Carla Biro knew her mother and her father, but as she grew up on the south side of Chicago she was often on her own. Her father legally adopted her when she was 3 years old. Her mother was an addict whom she saw once a year.

When Biro got pregnant at age 15, she was happy because she thought that it meant she would have someone that would not leave. It didn’t happen in the “rosy” way she planned, and Biro struggled, but she didn’t stop. She didn’t get stuck. Through education, love and experience, she’s found home and love. As she raises a family, she’s now trying to help strengthen other families.

Biro, who is now the director of Gr8t Beginnings Coalition in Elkhart County, has spent most of her life trying to break her own generational patterns.

“I was raised by my paternal grandmother with support from my father,” she said. “My grandmother was 18 when my dad was born, my dad was 17 when I was born, and I was 16 when Josh was born. Therefore, my grandmother was a great-grandmother at the age of 51.”

As her parents bounced through relationships and job changes, as her mother struggled with drug use, Biro would see them both, but she was mostly raised by her grandmother. “I put the word ‘raised’ in quotations as she never really treated me as her own child,” Biro said. She had four other daughters, including one younger than Biro.

Her father traveled nationally and was home on weekends. Biro searched for someone to love her. “I was in and out of relationships with boys/men that I knew weren’t good for me, but at least I was getting the attention I craved,” she said.

When she got pregnant, she was advised to get an abortion, but came to Indiana to be with her mom, who had been off drugs for a few years. Her mother took her to Reason Enough To Act, a crisis pregnancy ministry, and Biro went to Sarah’s House until she was seven months along.

“I was loved unconditionally and shown the love of Christ,” Biro said.

Her grandmother invited her home, where she had a baby shower on her 16th birthday. Joshua was born soon after in April 1995.

“It was truly love at first sight. He was wanted and loved,” she said, though his father was never part of his life. And her own father wouldn’t speak to her because she kept the baby.

She lived in Chicago for a time before going to Mississippi with her grandmother. “I still jumped from guy to guy due to boredom and extremely low self-esteem,” she said. “The Muslim faith just was not working for me in my brokenness.”

During her senior year of high school, she and her father rekindled their relationship. She didn’t go back to Chicago because of gang violence but returned to Indiana with her son to be with her sister. Though supported heavily by her sister and family, she was depressed and had culture shock. She needed acceptance and support. After another broken and abusive relationship, she went to Safe Haven Women’s Shelter and entered the Elkhart County Wraparound Program, which literally enfolded her with love-filled relationships. That helped break cycles. She went to Goshen College, earning a bachelor’s degree in education in 2006. In 2009, she got a master’s degree in curriculum and instruction and an administrative license in 2018.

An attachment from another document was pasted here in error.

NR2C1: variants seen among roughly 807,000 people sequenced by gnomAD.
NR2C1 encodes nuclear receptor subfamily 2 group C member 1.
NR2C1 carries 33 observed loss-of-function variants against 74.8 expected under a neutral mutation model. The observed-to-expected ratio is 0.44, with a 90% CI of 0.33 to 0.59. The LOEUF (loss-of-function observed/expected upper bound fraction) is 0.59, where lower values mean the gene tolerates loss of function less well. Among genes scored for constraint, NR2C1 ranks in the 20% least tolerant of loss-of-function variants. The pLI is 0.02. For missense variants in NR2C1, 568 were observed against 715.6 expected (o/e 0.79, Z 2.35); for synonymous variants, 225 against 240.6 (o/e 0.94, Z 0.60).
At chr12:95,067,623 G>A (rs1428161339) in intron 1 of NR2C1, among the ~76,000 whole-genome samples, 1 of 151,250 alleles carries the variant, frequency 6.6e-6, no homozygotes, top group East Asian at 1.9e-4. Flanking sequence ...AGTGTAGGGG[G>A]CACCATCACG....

In 2015, she married a man, Mike Biro, who pursued her and loves her.

“It has been a hard journey and I’m sure God is still writing,” she said. “My son has suffered through the many hardships of me learning to be who I was created to be. I learned that hurt people … hurt people. However, he is alive, has no children, and has independently lived on his own for five years. I have five additional children that with each passing season of life, it is evident that my growth in parenting is radiating from the decisions they make and the amazing adults they are becoming.”

Elkhart County has the resources to help people break cycles, but it also takes individual effort to change lives, Biro said. “If you want to change your community, ask those in need what they need,” she said.

Relationships can change a community, but it’s daunting and challenging to offer help to someone who truly needs it. She names people who helped her as she took a few steps forward and a couple back.

“Mentoring is not for six weeks or a year. It’s not a make yourself feel good thing or scratching an itch,” she said. “This investment is long-term.”

The return on that investment can be even longer term if a family finds its way toward health.

Marshall V. King is a freelance writer and journalist based in Goshen. He wrote this on behalf of Fathers Matter Forum and the Community Foundation of Elkhart County.

Second Fathers Matter Forum is May 7

Who: Jim Daly, president of Focus on the Family will be the keynote speaker at the second forum, which is co-sponsored by DJ Construction and the Community Foundation of Elkhart County. Biro and others will participate and the public is invited.

When: May 7. Dessert will be served at 6:30 p.m. with the program starting at 7 p.m.

Where: Center Six One Five, 2707 C.R. 15, Elkhart.

Registration: Registration is requested by going to

This event is free, however, any donations given will go to The Faithful Dads Fund at Community Foundation of Elkhart County.

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